This week the first transistor in Bell Labs and the two parc-linking the technology development milestones at Xerox’s Palo Alto pc to this year’s 30th anniversary knowledge Navigation, the computer was used as an incentive by Apple CEO John Sculley. Sculley told me earlier this year that he wanted to inspire people to believe that we were not the end of computer creativity, but only at the very beginning of the journey. According to Moore’s law, Sculley says they are confident that after 1987 they will be able to do multimedia, build communications with computers, simulate them, and develop computers that can act as intelligent assistants. The problem is “how to present it to people so that they believe it will happen” and the answer is “concept video.”
70 years ago this week, December 23, 1947, has proved to be a fundamental innovation in Moore’s law. Under the command of Walter H. Brattain and John A. Bardeen, B.sockley discovered the transistor effect and developed and demonstrated a point-contact germanium transistor. This leads directly to the development of solid-state devices that revolutionize the electronics industry and change the way people live, learn, work, and play around the world.
Over the next few years, many inventions were based on the ingenuity of engineers who figured out how to plug more and more transistors into integrated circuits, a process that allows computing devices to continue to be miniaturized while providing more power to perform more tasks.
The Austrian extension, inspired by Doug Engelbart (Doug Engelbart) ‘s “Mother of All demos” (Mother all Demos) (or all of the concept videos/demos about computing the future), inspired Steve For the first time in December 1979, Jobs saw the Parc on Xerox. The Alto graphical user interface (GUI) is used in Apple’s Lisa and Macintosh PCs. “It’s like taking a veil out of my eyes and I can see what the future of computing is,” Jobs told Isaacson Walter Isaacson.
In the 1986, Jobs was no longer with Apple and was busy using next computers to explore the future of computing. Sculley said Apple was “rising”. But Apple researcher Allen Kei said, “We won’t have Xeorx next time.” Through this Kay may mean that they miss Steve Jobs’s talents, recognize the emerging technologies and their potential to become successful products and his talents to create a compelling vision based on his insights. Sculley said: “I believe it is important to let people know that Apple is still creative after Steve leaves.”
Sculley, who visited universities and research laboratories to investigate emerging technologies and ideas, and discussed with Apple engineers, culminated in the Knowledge Navigation video, which he described as a vision of an interactive multimedia communications world in which computing is only a commodity enabler, Knowledge applications will be accessed by intelligent agents on a network that is connected to a large number of digitized information. Sculley predicts that by 2025 “This technology will be useful, indispensable, and will be done on the job” and the medical and educational redesign.
With his belief in the future, Sculley has invested or participated in the application of large data analysis and artificial intelligence to recreate work and health care, which include Zeta Global,rxadvance and arranges ticker. They no longer live in linear time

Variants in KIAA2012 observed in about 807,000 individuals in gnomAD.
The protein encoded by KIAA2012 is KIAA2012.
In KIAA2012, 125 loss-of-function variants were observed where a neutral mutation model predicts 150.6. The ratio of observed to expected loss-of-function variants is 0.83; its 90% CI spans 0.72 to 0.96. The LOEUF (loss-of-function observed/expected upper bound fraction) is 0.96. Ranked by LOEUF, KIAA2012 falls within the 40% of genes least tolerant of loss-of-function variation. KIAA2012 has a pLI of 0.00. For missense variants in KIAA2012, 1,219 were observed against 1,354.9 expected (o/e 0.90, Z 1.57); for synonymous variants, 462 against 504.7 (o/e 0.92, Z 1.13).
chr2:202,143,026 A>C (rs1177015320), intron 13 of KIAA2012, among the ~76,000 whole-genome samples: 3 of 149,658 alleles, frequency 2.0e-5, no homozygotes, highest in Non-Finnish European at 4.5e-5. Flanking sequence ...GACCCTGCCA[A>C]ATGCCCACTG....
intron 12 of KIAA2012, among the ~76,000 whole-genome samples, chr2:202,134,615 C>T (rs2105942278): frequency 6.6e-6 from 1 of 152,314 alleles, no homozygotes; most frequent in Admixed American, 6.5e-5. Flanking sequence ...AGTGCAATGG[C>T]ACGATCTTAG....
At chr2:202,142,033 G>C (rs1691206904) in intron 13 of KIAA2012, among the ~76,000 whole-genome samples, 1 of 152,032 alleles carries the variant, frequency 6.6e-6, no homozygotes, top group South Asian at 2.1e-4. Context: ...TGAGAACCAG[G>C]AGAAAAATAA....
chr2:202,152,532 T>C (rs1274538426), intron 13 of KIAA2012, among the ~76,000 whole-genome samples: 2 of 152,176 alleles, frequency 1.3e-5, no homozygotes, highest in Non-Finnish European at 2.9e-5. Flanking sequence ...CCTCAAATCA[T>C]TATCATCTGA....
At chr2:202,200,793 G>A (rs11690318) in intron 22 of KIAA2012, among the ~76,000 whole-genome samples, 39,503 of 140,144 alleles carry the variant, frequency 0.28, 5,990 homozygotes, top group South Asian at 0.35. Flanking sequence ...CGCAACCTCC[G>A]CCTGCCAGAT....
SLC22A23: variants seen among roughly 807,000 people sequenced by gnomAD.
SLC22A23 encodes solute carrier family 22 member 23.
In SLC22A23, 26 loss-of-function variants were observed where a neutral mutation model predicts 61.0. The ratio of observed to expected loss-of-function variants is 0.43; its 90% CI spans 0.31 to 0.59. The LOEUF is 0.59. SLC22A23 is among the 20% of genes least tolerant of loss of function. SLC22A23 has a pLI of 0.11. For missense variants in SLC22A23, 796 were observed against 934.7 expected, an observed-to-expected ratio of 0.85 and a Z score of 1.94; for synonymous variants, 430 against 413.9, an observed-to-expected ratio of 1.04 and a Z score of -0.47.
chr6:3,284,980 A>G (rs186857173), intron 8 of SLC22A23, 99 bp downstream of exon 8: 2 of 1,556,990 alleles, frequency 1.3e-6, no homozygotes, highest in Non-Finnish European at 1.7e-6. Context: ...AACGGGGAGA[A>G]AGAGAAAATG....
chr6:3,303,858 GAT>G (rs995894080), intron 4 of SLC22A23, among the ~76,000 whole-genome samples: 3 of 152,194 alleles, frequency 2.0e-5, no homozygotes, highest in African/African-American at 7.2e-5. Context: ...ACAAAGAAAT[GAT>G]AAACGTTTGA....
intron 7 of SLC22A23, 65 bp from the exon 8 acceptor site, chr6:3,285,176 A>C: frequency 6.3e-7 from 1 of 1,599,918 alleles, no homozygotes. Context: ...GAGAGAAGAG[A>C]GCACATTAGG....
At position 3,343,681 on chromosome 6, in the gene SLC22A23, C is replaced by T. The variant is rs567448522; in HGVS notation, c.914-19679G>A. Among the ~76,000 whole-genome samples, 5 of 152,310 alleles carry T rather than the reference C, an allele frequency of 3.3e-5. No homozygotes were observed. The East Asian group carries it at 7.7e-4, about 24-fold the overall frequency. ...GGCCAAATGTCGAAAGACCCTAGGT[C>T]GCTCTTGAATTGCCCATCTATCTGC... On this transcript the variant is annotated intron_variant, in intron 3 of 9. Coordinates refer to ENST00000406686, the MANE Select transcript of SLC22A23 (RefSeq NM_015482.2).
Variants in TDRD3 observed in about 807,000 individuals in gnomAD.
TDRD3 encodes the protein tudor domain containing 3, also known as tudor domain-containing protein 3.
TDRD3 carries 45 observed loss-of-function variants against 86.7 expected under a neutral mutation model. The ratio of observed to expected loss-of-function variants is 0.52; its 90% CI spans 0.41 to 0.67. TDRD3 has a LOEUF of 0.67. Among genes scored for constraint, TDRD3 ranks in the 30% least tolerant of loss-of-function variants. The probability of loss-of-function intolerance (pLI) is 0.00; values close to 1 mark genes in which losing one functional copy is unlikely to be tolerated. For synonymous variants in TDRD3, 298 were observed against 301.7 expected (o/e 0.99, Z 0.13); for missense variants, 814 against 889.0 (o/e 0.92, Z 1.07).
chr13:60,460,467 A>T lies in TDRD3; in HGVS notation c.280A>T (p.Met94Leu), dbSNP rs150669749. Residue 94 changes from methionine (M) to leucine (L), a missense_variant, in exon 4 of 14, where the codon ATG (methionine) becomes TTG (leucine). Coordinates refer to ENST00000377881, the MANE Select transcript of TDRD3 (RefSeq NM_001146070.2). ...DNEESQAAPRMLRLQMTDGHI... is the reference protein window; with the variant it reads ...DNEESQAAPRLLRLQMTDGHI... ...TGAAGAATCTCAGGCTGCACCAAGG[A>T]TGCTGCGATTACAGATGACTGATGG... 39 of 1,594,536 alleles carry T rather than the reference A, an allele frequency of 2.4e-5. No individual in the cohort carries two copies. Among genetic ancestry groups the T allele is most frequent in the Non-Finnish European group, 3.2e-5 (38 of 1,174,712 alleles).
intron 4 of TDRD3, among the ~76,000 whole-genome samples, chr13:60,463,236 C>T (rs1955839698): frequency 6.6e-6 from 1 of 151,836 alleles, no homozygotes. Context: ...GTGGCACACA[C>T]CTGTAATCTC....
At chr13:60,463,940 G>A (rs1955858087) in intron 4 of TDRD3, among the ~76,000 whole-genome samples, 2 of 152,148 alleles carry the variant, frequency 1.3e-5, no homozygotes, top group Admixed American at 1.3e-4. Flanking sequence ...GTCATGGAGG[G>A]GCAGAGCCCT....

The knowledge navigation helps attract and retain talent, according to Sculley, it inspires a number of projects and products, QuickTime, desktop multimedia demo software for the Macintosh; Hypercard, the first real interactive scripting software can be used without programming knowledge; Newton, then known as the first hand-held computing device or personal digital assistant (PDA), was the product category. Newton itself was not successful, but it contained the ARM processor (the type of smartphones) that Apple has developed together. The company later sold arm licences at a price of 800 million dollars.
When we talking about “knowledge navigation” or smart assistants-Amazon’s Alexa, Google Now ans Apple’s Siri, Microsoft’s Cortana has finally become a reality, but they are far from demonstrating versatility and understanding (ie, intelligence) of visionary knowledge navigation.
It is also possible that we have never lived a linear time, which makes predictions, especially about the future, become difficult. As Peter Denning wrote in the ACM Newsletter (September 2012): “Unpredictability is not due to lack of information about system operating rules, due to insufficient processing capacity or limited storage.” This is because the results of the system depend on unpredictable events and human statements (social support for the adoption of specific technologies). Don’t be stupid enough to think that smart experts or powerful machines can overcome this possibility. Or as Metcalfe (Bob Metcalfe) wrote in the Internet crash (Internet collapses): “It’s relatively easy to predict the future. It’s hard to make accurate predictions. When the time is right, it is the hardest.
However, no matter how many predictions have been made, or because so many predictions have gone wrong, we are still looking for and creating signposts, potential choices, inspiring visions. In a series of papers edited in 1997, Ning and Metcalfe wrote that they wanted the book to be not about prophecy, but to propose “possibilities, questions, and choices that we would face about how information technology affects our future.”